Aristotle said, “In poverty and other misfortunes of life, true friends are a sure refuge.…
One big question that comes up when work-life balance is discussed, is “How do you work, have a family, and give time to your community?” There are many answers to this question, but one great way to do it is to share existing Texas Young Lawyers Association projects. Anyone can do it (you don’t have to be a “young” lawyer), materials can be obtained through our website or by contacting the TYLA office. We even have guides to give you an idea of how to share (or “roll-out”) these projects with members of your community. The TYLA Tuesday posts will feature TYLA projects, old and new. If you would like more details, please visit the TYLA website!
In a recent ENews article, Director Laura Docker shared the following about the Educating Educators project:
“Education is the most powerful weapon which you can use to change the world.”
One of TYLA’s first projects for the 2014-2015 Bar Year was a project designed to educate the public on law-related issues. The Law Focused Education Committee is especially proud of Educating Educators, which is available in print and on the TYLA website. Educating Educators is a resource guide designed to educate teachers and administrators about their rights, responsibilities and legal obligations. The field of education is fraught with expectations, obligations, responsibilities and regulations. These rights and responsibilities are found in a myriad of federal and state statutes, administrative regulations, court cases, attorney general decisions, and local policies. School law is a field that even an experienced attorney can find daunting without guidance, and it can be especially difficult for non-lawyers, such as teachers and parents, to understand the application of these laws to life in the classroom. Educating Educators will help teachers, educators, and parents have a better understanding of these issues.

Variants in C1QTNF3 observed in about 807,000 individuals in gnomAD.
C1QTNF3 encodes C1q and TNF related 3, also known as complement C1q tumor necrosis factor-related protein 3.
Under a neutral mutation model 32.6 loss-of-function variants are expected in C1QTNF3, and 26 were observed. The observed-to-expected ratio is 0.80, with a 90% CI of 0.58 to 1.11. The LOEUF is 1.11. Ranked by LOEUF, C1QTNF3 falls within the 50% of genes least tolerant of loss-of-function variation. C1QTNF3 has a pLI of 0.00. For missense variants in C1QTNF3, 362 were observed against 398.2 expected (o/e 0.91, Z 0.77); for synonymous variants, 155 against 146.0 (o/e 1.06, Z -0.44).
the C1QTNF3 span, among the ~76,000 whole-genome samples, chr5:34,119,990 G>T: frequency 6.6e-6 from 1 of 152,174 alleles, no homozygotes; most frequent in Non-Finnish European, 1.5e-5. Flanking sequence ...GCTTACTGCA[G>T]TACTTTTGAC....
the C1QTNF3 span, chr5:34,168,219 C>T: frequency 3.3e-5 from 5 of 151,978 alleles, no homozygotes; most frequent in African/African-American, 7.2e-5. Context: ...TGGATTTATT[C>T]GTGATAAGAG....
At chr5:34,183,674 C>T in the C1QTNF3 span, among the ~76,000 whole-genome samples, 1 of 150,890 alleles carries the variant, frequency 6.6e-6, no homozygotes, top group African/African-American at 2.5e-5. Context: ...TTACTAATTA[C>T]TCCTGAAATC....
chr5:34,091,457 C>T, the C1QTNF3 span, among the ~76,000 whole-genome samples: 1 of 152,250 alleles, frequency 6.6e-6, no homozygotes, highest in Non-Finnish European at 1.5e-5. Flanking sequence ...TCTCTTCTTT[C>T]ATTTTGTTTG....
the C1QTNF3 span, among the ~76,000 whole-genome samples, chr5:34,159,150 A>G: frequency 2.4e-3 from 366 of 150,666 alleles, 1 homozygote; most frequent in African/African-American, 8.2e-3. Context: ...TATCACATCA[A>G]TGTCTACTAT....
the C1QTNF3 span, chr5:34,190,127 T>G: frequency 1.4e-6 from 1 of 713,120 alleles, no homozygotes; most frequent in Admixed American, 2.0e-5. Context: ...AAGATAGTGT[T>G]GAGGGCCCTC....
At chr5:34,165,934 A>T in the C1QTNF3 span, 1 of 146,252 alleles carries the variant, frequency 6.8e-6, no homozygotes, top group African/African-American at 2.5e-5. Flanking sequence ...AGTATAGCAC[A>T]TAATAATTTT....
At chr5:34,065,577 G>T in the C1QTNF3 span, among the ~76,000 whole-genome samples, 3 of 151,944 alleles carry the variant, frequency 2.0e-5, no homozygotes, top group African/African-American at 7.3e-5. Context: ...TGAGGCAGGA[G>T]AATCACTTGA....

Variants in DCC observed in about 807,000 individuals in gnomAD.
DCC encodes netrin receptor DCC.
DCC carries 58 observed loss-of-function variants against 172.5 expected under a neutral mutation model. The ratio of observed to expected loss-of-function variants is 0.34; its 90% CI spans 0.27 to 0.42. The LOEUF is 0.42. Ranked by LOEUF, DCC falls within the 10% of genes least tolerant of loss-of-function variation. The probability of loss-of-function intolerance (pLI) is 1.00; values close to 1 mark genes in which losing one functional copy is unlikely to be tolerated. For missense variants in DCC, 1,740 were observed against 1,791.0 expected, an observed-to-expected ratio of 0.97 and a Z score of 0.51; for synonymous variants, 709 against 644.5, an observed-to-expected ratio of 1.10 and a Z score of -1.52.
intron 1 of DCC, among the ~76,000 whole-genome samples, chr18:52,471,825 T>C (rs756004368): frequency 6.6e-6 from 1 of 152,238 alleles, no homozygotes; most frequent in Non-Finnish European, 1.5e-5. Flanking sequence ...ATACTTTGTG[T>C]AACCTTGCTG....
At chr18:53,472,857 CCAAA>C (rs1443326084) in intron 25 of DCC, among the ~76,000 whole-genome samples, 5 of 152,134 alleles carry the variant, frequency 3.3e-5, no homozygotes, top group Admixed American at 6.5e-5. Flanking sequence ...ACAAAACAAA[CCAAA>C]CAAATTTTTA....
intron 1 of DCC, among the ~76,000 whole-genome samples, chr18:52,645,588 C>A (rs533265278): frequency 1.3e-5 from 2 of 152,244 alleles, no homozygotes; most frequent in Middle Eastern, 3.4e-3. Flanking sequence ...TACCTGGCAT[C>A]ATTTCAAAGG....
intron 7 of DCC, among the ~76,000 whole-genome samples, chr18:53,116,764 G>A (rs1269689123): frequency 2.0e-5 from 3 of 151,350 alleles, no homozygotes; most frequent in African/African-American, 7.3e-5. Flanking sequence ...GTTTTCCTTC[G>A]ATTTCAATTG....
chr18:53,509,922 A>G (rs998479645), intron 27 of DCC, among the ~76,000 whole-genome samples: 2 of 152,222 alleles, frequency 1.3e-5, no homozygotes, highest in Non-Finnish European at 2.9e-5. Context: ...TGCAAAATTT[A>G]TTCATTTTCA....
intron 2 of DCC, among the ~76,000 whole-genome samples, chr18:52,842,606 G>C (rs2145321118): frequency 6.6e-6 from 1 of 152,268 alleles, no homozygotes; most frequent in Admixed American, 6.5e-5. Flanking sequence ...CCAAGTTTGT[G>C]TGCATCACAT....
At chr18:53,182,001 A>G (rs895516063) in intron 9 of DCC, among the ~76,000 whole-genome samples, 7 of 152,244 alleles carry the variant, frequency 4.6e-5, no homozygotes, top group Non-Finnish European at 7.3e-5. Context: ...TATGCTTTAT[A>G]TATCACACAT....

Educating Educators will help educators understand and cultivate proper legal relationships with students, parents, and administrators. These include issues related to physical contact with students, relationships with students on social media websites, and dealing with disruptive or divorced parents. Educating Educators also offers guidance to teachers having problems with their principal or administrator, as well as an explanation of teaching employment contracts and their rights to due process prior to termination.
Educating Educators addresses a variety of other common legal concerns for teachers. These include issues regarding student privacy and prayer in schools. The guide provides information on the reporting obligations for child abuse and neglect and information regarding human trafficking. It also includes guidance on dealing with CPS and law enforcement in schools.
If you are interested in obtaining more information about this project, including having this project presented to a group of teachers or obtaining copies of the packet, please contact Michelle Palacios.